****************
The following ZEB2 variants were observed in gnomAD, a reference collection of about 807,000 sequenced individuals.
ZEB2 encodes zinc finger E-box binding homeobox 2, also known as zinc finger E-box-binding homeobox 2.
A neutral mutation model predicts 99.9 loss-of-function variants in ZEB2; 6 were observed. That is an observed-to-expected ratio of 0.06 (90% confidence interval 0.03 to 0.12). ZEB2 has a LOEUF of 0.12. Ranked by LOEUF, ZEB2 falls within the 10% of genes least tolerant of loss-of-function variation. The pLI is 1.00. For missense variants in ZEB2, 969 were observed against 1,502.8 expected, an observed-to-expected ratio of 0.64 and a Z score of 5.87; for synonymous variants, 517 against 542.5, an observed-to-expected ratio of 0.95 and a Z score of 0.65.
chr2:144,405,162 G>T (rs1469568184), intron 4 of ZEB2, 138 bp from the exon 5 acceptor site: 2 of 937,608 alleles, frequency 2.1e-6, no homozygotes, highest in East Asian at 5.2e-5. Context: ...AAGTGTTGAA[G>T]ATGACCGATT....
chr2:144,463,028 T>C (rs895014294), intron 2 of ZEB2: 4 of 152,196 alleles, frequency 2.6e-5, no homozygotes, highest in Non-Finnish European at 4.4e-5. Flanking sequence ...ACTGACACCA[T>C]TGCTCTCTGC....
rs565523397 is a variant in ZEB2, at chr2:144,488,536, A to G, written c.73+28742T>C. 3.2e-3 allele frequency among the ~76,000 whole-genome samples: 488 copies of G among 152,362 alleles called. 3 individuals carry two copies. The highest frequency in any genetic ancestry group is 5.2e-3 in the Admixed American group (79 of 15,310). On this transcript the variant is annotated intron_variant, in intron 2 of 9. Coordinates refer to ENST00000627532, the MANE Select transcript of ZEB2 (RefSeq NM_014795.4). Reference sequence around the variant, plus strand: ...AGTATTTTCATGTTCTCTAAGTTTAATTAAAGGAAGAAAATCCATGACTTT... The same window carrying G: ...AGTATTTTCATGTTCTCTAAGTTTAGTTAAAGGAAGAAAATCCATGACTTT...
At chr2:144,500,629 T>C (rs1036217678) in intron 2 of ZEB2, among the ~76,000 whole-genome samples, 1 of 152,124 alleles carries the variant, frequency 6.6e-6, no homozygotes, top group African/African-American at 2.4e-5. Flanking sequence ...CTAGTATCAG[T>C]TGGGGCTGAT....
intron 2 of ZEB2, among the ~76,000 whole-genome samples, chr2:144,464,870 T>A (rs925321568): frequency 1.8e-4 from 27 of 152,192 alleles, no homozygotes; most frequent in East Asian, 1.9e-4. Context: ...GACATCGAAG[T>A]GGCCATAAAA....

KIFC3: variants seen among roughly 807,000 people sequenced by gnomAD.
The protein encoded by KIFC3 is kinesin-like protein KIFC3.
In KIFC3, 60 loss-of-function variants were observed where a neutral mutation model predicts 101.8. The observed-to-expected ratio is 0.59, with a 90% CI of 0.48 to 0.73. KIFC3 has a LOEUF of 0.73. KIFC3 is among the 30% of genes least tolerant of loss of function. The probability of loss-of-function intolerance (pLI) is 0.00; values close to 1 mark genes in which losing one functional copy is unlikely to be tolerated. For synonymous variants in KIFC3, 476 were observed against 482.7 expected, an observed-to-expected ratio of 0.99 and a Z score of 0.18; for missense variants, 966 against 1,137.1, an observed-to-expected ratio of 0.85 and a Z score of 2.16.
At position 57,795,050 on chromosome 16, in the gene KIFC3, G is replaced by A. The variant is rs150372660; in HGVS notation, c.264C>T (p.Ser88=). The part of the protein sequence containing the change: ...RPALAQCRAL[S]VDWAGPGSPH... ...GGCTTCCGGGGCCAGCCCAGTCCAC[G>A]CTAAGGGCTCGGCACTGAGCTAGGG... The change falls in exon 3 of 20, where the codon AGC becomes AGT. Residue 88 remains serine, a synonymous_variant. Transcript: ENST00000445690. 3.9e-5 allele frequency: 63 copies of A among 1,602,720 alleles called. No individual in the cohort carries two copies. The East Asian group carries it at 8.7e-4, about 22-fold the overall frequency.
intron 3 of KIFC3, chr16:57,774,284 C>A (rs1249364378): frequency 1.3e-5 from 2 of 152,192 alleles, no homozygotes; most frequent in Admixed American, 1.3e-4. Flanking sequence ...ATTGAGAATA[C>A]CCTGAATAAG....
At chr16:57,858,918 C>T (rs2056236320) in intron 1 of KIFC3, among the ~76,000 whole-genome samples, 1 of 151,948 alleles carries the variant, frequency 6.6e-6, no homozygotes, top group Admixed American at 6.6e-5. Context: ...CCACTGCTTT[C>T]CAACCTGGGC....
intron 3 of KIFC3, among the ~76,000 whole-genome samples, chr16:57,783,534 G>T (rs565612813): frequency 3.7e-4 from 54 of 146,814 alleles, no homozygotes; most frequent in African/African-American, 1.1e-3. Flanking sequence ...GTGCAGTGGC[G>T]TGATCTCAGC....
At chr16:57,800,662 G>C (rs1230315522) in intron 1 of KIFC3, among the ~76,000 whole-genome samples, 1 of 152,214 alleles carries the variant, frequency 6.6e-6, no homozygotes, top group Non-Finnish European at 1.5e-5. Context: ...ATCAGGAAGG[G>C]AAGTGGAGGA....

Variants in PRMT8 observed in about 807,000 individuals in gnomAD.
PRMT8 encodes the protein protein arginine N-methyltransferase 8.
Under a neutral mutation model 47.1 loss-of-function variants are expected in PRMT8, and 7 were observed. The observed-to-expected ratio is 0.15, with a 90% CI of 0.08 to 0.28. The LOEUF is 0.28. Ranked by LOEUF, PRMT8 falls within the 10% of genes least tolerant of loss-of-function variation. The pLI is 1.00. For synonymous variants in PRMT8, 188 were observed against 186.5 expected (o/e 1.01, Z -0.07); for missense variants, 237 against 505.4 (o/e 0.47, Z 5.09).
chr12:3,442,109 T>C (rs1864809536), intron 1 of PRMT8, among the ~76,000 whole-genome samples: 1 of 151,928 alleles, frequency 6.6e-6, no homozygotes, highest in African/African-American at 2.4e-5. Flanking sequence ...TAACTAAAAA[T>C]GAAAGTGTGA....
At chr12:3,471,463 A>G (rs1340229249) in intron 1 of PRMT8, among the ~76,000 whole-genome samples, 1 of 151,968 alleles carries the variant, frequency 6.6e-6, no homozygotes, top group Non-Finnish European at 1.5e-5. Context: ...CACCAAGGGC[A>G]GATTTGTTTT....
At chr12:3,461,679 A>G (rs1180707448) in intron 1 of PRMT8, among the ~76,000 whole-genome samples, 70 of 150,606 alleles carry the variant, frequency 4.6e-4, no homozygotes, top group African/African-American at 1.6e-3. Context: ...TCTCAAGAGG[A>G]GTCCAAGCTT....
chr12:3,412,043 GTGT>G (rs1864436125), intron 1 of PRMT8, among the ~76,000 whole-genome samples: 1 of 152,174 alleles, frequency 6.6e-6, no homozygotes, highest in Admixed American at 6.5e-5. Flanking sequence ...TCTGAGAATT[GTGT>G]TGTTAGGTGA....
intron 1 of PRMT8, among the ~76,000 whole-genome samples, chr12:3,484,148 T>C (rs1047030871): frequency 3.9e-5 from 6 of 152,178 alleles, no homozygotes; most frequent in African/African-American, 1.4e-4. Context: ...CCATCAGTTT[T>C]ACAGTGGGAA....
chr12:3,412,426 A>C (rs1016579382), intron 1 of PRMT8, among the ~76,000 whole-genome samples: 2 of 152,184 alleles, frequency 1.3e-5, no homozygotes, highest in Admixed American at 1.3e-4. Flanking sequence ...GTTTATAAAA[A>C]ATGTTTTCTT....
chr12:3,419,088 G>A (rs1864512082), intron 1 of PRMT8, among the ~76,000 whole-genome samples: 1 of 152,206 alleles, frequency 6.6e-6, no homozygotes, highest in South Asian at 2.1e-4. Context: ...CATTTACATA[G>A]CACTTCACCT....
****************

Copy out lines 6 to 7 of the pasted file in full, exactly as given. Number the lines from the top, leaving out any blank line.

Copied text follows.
rs565523397 is a variant in ZEB2, at chr2:144,488,536, A to G, written c.73+28742T>C. 3.2e-3 allele frequency among the ~76,000 whole-genome samples: 488 copies of G among 152,362 alleles called. 3 individuals carry two copies. The highest frequency in any genetic ancestry group is 5.2e-3 in the Admixed American group (79 of 15,310). On this transcript the variant is annotated intron_variant, in intron 2 of 9. Coordinates refer to ENST00000627532, the MANE Select transcript of ZEB2 (RefSeq NM_014795.4). Reference sequence around the variant, plus strand: ...AGTATTTTCATGTTCTCTAAGTTTAATTAAAGGAAGAAAATCCATGACTTT... The same window carrying G: ...AGTATTTTCATGTTCTCTAAGTTTAGTTAAAGGAAGAAAATCCATGACTTT...
At chr2:144,500,629 T>C (rs1036217678) in intron 2 of ZEB2, among the ~76,000 whole-genome samples, 1 of 152,124 alleles carries the variant, frequency 6.6e-6, no homozygotes, top group African/African-American at 2.4e-5. Flanking sequence ...CTAGTATCAG[T>C]TGGGGCTGAT....